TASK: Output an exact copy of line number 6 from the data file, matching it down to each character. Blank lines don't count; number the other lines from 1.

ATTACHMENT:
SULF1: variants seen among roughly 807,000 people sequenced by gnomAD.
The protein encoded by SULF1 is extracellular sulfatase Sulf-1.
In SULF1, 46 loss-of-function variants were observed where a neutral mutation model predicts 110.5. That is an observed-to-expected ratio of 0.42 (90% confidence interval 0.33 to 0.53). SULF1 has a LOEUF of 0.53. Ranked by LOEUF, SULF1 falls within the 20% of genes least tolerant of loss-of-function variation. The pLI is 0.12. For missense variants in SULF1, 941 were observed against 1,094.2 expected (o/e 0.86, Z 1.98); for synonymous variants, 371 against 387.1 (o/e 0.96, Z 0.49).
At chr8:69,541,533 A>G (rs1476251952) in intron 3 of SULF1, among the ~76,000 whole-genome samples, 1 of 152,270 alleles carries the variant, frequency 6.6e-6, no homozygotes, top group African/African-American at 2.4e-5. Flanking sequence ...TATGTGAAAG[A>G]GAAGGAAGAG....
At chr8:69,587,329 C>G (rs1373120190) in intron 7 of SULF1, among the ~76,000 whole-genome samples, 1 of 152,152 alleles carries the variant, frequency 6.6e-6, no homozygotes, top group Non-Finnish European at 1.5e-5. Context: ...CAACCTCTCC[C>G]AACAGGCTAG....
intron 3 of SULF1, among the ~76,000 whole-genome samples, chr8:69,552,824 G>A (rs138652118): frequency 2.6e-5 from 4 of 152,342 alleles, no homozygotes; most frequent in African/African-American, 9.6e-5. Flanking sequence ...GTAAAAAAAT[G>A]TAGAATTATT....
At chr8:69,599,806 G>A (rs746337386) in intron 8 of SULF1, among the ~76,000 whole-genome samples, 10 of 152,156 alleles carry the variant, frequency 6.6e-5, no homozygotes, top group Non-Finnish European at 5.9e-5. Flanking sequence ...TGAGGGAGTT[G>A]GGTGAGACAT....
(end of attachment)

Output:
intron 3 of SULF1, among the ~76,000 whole-genome samples, chr8:69,552,824 G>A (rs138652118): frequency 2.6e-5 from 4 of 152,342 alleles, no homozygotes; most frequent in African/African-American, 9.6e-5. Flanking sequence ...GTAAAAAAAT[G>A]TAGAATTATT....